(Source: Eric Christensen)
“The ReduxNut-Cracker,” scheduled to appear at WSU’s Browning Center on Dec. 4 and 5, breathes fresh air into a holiday classic. (Source: Eric Christensen)

In true Odyssey Dance Theatre fashion, the classic “The Nutcracker” has been revamped, entering the digital realm with the modernized production, “The ReduxNut-Cracker.” The best part is: it’s coming to WSU.

“The ReduxNut-Cracker,” scheduled to appear at WSU’s Browning Center on Dec. 4 and 5, breathes fresh air into a holiday classic.

Odyssey Dance Theatre’s founder and artistic director, Derryl Yeager, created this updated version of “The Nutcracker.”

“[I] decided to tackle a classic and put a modern spin on it,” Yeager said. He said that he wanted a production that audiences today could relate to better than the 1860 Christmas party of the original production.

Yeager also chose the word “redux,” which means “brought back; revived” for the title of this modernized production.

“I wanted to capture the idea that it was a new version,” Yeager said. “So, if you say ‘ReduxNut,’ there’s a ring to it, and then after a short pause, say ‘Cracker’—it kind of sticks with you.”

WSU sophomore Justine Cherry, offers her view on modernizing dance classics like “The Nutcracker.”

“It’s about time they did this,” Cherry said. “Ballet isn’t the genre to be in anymore because it’s not as popular.”

Cherry danced for 15 years starting at the early age of 3. She said that ballet was her least favorite genre to perform, especially due to its difficulty. She also says that even though she can appreciate ballet, other genres add much-needed variety to the stage.

There are some students who make it a tradition to see the older version of “The Nutcracker.” WSU junior Courtnee Goodwin, said that she has seen the traditional version of “The Nutcracker” for the past three years but that she would be willing to experience something new.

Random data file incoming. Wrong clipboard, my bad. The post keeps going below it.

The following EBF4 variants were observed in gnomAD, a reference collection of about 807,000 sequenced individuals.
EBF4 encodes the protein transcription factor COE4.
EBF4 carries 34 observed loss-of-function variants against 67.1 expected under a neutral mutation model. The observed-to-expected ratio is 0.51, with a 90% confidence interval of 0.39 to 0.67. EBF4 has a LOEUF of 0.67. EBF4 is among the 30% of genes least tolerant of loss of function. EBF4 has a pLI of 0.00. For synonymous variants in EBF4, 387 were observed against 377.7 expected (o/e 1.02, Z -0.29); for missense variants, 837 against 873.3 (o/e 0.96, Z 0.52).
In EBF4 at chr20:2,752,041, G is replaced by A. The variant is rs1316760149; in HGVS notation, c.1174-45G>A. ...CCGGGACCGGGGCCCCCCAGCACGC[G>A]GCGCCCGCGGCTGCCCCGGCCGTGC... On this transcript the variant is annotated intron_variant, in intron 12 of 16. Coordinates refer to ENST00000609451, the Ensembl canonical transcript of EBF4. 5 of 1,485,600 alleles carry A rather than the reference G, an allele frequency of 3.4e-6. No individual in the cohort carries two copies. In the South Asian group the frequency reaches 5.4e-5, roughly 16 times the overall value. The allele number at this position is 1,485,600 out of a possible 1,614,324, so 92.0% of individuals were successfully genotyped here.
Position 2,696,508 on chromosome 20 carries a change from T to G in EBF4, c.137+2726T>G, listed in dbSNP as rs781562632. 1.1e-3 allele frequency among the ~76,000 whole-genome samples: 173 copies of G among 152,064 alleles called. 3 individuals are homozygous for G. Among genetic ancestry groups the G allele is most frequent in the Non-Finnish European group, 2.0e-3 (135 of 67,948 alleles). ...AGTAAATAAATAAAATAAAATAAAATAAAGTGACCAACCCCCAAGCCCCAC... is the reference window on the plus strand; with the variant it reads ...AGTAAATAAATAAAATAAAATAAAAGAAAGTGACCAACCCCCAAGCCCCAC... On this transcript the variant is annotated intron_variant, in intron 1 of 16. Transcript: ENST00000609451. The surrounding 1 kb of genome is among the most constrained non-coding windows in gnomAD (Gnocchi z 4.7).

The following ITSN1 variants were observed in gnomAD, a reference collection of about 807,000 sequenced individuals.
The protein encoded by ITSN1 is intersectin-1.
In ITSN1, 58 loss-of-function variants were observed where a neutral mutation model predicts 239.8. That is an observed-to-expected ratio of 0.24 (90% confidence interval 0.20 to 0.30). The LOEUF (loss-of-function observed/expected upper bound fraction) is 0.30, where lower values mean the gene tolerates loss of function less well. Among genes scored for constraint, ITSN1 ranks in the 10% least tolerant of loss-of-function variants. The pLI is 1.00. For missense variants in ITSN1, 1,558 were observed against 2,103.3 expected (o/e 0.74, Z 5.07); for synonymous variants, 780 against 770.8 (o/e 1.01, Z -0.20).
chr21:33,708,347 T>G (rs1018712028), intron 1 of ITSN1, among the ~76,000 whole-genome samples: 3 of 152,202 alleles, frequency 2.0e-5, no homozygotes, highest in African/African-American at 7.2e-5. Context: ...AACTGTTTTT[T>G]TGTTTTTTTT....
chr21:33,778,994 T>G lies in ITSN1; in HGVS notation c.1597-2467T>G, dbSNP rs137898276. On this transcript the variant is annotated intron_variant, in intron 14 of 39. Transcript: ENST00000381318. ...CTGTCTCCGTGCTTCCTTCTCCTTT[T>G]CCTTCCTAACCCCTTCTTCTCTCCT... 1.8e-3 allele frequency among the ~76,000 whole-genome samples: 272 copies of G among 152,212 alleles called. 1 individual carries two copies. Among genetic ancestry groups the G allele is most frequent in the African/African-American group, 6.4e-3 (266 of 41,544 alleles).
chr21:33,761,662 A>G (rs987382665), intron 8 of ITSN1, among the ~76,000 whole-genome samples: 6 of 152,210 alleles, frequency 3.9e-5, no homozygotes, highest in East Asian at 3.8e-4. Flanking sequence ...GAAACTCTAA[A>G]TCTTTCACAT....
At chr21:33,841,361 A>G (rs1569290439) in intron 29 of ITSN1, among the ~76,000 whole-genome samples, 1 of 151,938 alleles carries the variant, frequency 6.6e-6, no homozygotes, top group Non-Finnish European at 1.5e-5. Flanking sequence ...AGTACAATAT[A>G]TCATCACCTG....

“I wouldn’t put forth judgement until I’ve seen it,” Goodwin said. “But it sounds like a cool idea.”

“The ReduxNut-Cracker” is in its third year, and some of its popularity, aside from the hip-hop dancing mice, may come from the moral lesson that has been inserted into the program.

Yeager said that he designed this production around Clara, played by a native of Ogden Amber Williams, having several experiences in the digital world after she’s been absorbed into it through her cell phone. In the finale, other characters in the production all surround and overwhelm Clara.

“She throws down the phone, and the parents come in, and she realizes that THEY are what are important,” Yeager said.

Yeager says this ending is quite different from the “they came, they danced, they went home” plot line of the original “The Nutcracker.”

“We’ve actually created a moral to the story,” Yeager said.

Goodwin said that she always felt like the traditional ending to “The Nutcracker” always left her hanging, so she likes the lesson added into this modern version.

“Family is more important than Facebook,” Goodwin said.

Goodwin said that she, like many others, checks her phone a lot, but people need to know when and where it’s appropriate.

“I think wrapping [the production] with a lesson is a great idea,” Goodwin said.

Between the updated music, the various dance styles and the heart-warming moral, it seems as if there is something for everyone this Christmas in “The ReduxNut-Cracker.”

For more information about the show or for ticket information, visit odysseydance.com

 

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